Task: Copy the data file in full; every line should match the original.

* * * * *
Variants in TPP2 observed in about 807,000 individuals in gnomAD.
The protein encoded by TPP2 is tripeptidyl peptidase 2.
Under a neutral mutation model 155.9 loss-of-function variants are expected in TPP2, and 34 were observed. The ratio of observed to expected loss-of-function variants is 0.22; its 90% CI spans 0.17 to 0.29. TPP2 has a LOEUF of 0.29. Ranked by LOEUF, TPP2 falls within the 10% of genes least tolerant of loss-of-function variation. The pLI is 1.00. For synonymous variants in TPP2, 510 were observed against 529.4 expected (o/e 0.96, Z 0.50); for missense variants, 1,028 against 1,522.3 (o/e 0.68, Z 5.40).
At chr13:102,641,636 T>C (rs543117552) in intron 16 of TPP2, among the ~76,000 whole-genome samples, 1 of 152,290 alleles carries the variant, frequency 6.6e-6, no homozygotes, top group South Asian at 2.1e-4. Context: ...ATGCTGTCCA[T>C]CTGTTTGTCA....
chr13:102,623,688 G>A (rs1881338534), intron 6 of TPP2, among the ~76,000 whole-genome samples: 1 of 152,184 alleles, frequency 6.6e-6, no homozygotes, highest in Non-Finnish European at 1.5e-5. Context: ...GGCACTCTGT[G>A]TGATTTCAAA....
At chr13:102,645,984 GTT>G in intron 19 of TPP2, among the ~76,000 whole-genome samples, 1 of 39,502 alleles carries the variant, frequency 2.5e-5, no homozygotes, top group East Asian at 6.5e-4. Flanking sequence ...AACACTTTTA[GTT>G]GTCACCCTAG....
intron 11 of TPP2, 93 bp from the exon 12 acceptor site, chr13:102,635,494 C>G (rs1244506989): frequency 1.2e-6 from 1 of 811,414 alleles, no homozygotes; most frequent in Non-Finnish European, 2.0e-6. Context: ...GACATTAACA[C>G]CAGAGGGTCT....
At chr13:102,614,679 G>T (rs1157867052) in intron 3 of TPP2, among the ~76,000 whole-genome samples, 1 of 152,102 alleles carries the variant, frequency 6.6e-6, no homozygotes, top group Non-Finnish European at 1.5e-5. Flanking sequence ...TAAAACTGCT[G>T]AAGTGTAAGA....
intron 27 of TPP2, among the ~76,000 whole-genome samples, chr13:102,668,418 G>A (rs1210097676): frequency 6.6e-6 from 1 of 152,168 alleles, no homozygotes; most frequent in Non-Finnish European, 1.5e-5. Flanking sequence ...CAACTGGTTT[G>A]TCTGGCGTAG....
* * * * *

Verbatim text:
Variants in TPP2 observed in about 807,000 individuals in gnomAD.
The protein encoded by TPP2 is tripeptidyl peptidase 2.
Under a neutral mutation model 155.9 loss-of-function variants are expected in TPP2, and 34 were observed. The ratio of observed to expected loss-of-function variants is 0.22; its 90% CI spans 0.17 to 0.29. TPP2 has a LOEUF of 0.29. Ranked by LOEUF, TPP2 falls within the 10% of genes least tolerant of loss-of-function variation. The pLI is 1.00. For synonymous variants in TPP2, 510 were observed against 529.4 expected (o/e 0.96, Z 0.50); for missense variants, 1,028 against 1,522.3 (o/e 0.68, Z 5.40).
At chr13:102,641,636 T>C (rs543117552) in intron 16 of TPP2, among the ~76,000 whole-genome samples, 1 of 152,290 alleles carries the variant, frequency 6.6e-6, no homozygotes, top group South Asian at 2.1e-4. Context: ...ATGCTGTCCA[T>C]CTGTTTGTCA....
chr13:102,623,688 G>A (rs1881338534), intron 6 of TPP2, among the ~76,000 whole-genome samples: 1 of 152,184 alleles, frequency 6.6e-6, no homozygotes, highest in Non-Finnish European at 1.5e-5. Context: ...GGCACTCTGT[G>A]TGATTTCAAA....
At chr13:102,645,984 GTT>G in intron 19 of TPP2, among the ~76,000 whole-genome samples, 1 of 39,502 alleles carries the variant, frequency 2.5e-5, no homozygotes, top group East Asian at 6.5e-4. Flanking sequence ...AACACTTTTA[GTT>G]GTCACCCTAG....
intron 11 of TPP2, 93 bp from the exon 12 acceptor site, chr13:102,635,494 C>G (rs1244506989): frequency 1.2e-6 from 1 of 811,414 alleles, no homozygotes; most frequent in Non-Finnish European, 2.0e-6. Context: ...GACATTAACA[C>G]CAGAGGGTCT....
At chr13:102,614,679 G>T (rs1157867052) in intron 3 of TPP2, among the ~76,000 whole-genome samples, 1 of 152,102 alleles carries the variant, frequency 6.6e-6, no homozygotes, top group Non-Finnish European at 1.5e-5. Flanking sequence ...TAAAACTGCT[G>T]AAGTGTAAGA....
intron 27 of TPP2, among the ~76,000 whole-genome samples, chr13:102,668,418 G>A (rs1210097676): frequency 6.6e-6 from 1 of 152,168 alleles, no homozygotes; most frequent in Non-Finnish European, 1.5e-5. Flanking sequence ...CAACTGGTTT[G>A]TCTGGCGTAG....